"We're always concerned with the weight."
For Jeroen Bleekemolen, being fast is part of the job. The successful racing driver and winner of the 24-hour races in Le Mans, Dubai and on the Nürburgring will talk about his experiences at the opening of the Lightweight Technologies Forum on 10 September at COMPOSITES EUROPE in Stuttgart. Because lightness is the basis of success for professional pilots. In an interview, the 37-year-old explains why some drivers even go hungry before the race.
What does the weight of a vehicle mean to you as a racing driver?
Jeroen Bleekemolen: For a racing driver, weight is one of the most important things of all. The three key factors for speed are low weight, contact pressure and engine power. However, the extent to which lightweight components influence success also depends on the racing series and the respective rules. In Formula 1, for example, there was no minimum weight for the driver until this season. As a result, all drivers have tried to lose as much weight as possible - also at the expense of physical fitness. Some even complained that they were constantly ill because they had lost so much weight. We're talking about two to three kilos here, but it shows the importance of weight in racing. If the driver is lighter, the weight saved can be put into parts that make the car faster. In general, more lightness means more speed. From the pilot's point of view, for example, ten kilograms of weight saved by an LMP1 vehicle in the 24 Hours of Le Mans is an average of 0.2 to 0.3 seconds per lap. On this circuit, 0.6 to 0.7 seconds per lap make a significant difference because the circuit is very long.
What influence does weight have on your driving experience?
Bleekemolen: A heavy car can be driven in a completely different way. Not only from the driver's point of view, but also as far as the components are concerned. A big problem with heavy vehicles are the brakes. They get too hot very quickly on the racetrack. Every everyday car would have the same problems under these conditions. That's why cars are usually much lighter than road vehicles.
The weight changes the entire handling of the vehicle dramatically. A heavy car is difficult to corner and is usually understeered. Less weight makes everything easier. In long-distance races, the difference between a full tank and an almost empty tank is huge. We need around 100 litres of fuel per hour and then have to go into the pit lane. The weight of the fuel is more important than worn tyres. After one hour, the car is faster due to the smaller amount of fuel, no matter how old the tyres are.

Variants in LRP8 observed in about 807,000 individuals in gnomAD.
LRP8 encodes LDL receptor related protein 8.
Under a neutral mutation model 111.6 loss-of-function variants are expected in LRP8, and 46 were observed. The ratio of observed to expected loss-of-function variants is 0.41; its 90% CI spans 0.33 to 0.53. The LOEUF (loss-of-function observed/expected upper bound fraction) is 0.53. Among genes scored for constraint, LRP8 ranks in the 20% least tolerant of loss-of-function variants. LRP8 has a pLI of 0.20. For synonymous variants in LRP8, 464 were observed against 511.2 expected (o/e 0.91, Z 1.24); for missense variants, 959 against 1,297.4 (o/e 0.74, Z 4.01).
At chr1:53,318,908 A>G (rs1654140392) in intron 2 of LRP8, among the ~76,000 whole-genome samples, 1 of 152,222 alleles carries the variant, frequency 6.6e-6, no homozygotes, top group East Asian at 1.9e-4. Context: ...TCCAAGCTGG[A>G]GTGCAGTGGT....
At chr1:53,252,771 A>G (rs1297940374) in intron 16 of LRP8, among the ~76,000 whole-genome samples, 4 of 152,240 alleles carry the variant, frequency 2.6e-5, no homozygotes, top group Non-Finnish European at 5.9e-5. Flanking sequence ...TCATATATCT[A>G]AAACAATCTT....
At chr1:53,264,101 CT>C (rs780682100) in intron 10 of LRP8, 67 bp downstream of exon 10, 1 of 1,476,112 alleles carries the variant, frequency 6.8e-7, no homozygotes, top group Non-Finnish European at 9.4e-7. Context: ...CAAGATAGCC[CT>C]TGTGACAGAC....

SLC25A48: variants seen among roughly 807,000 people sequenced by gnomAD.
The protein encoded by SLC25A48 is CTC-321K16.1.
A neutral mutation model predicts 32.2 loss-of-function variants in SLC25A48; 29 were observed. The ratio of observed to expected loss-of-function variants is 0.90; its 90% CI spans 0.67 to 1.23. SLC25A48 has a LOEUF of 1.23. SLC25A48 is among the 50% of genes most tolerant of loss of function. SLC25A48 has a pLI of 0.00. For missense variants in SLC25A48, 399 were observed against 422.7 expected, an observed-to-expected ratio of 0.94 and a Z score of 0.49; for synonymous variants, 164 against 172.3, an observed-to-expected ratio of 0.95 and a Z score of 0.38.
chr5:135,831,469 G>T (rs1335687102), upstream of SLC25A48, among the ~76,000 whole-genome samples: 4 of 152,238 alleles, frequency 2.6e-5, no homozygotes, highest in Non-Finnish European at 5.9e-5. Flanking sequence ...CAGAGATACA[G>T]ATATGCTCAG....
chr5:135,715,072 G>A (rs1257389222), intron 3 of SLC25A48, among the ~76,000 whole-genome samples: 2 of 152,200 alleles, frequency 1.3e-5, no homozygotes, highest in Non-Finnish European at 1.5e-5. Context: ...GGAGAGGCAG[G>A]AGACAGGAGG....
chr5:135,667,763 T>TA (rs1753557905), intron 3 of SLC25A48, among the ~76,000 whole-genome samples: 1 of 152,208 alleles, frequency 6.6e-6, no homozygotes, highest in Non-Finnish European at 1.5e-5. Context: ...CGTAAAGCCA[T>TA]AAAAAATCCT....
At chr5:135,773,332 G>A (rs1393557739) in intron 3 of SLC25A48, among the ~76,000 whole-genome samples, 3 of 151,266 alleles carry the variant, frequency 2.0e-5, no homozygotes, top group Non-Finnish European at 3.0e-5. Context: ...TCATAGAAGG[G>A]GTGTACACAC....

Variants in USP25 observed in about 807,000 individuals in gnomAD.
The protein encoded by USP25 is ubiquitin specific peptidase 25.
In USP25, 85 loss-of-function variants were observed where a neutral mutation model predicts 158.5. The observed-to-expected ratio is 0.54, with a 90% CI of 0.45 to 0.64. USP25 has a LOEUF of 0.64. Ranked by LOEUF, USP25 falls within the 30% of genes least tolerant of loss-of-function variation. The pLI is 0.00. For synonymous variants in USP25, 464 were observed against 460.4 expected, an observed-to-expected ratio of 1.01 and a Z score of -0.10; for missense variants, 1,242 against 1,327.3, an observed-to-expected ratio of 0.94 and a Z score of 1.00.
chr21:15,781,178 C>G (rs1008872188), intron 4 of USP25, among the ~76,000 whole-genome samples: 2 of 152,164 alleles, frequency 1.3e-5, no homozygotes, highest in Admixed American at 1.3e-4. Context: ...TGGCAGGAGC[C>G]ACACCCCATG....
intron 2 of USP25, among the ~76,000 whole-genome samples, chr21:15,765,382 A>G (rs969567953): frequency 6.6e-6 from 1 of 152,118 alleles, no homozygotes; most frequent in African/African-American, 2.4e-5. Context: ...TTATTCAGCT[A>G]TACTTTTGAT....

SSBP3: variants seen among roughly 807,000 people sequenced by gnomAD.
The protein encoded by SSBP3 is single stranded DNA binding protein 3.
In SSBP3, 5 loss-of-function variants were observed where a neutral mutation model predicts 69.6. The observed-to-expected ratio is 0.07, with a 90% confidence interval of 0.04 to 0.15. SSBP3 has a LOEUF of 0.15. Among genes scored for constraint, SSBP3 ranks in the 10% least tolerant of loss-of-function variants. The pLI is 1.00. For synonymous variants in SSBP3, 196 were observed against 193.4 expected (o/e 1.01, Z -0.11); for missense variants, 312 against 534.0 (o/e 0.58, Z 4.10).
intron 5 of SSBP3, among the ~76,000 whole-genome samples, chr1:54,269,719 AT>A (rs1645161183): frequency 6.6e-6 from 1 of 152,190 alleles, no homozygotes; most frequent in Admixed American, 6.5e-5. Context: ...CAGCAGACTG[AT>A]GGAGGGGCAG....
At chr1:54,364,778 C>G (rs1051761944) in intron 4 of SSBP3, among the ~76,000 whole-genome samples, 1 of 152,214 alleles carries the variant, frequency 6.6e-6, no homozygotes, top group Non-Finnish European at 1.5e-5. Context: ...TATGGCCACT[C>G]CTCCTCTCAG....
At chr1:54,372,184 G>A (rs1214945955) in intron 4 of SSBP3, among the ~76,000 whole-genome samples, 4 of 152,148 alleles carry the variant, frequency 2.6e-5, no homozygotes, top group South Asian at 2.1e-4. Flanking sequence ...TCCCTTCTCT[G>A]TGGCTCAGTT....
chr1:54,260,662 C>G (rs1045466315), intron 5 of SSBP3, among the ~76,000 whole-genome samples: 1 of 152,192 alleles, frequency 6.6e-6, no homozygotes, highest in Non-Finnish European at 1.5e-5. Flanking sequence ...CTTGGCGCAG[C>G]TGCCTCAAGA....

What experience have you had in sports with lightweight construction technology?
Bleekemolen: We constantly have to deal with weight. When designing a new vehicle, it is always a matter of placing heavy parts as low as possible. For example, the engine has to sit very low because it is heavy. But normally the rules set us limits, so we can't get too far away from the road vehicles. Of course, the designers check all the materials they process very thoroughly.
Why do you still feel safe in a light vehicle?
Bleekemolen: Quite simply because the car is easier to drive. It makes you feel safe. Since I can brake faster, accidents can be avoided more easily. At the same time, lightweight materials such as carbon are very stable and therefore also convey safety. As a driver, I feel much more comfortable with a light yet strong safety cell around me than in a car with a roll cage.
To what extent is lightweight construction technology also a success factor for you?
Bleekemolen: The more you can change with and at the weight, the better. But it also depends on the rules of the race series in which you start. In Formula 1, for example, lightweight construction technology is at the top of the list. In my series we can only make cars lighter to a limited extent because of the rules. Wherever it is possible, it is done.
Why is racing a good testing ground for lightweight developments?
Bleekemolen: On the racetrack, we push the materials to their limits. In any case, it's much more than on the road. We improve our lap times through late braking maneuvers, high top speeds and good acceleration. The 24-hour races in particular are real stress tests for every car. It takes a strong car to reach the finish line. And every advantage helps with less weight or a different distribution. It is one of the most important factors to make a car fast.
In your experience, what innovations in weight reduction have made it onto the road?
Bleekemolen: This is difficult to judge from the outside, because many components are made with either fewer or lighter materials. The air conditioning system alone has improved considerably in the meantime. Because the temperatures in a racing car are so high, this is the ultimate test. As soon as it works, it can be transferred to road vehicles. The same applies to batteries. They are heavy, but we have achieved a lot in this area. In the race, we want to use the maximum possible engine power and consume as little electricity as possible. This can be easily transferred to everyday cars. It makes everything more efficient, whether it's directly about weight or the electricity consumed in the vehicle. Headlamps, for example, have improved enormously - both in their function and in their energy consumption.
As a driver, where would you like even more lightness?
Bleekemolen: There are still many areas that could be improved. If you analyze all parts of a car, there's still a lot to be found. We simply have to continue to work on innovations, gain experience and do better afterwards.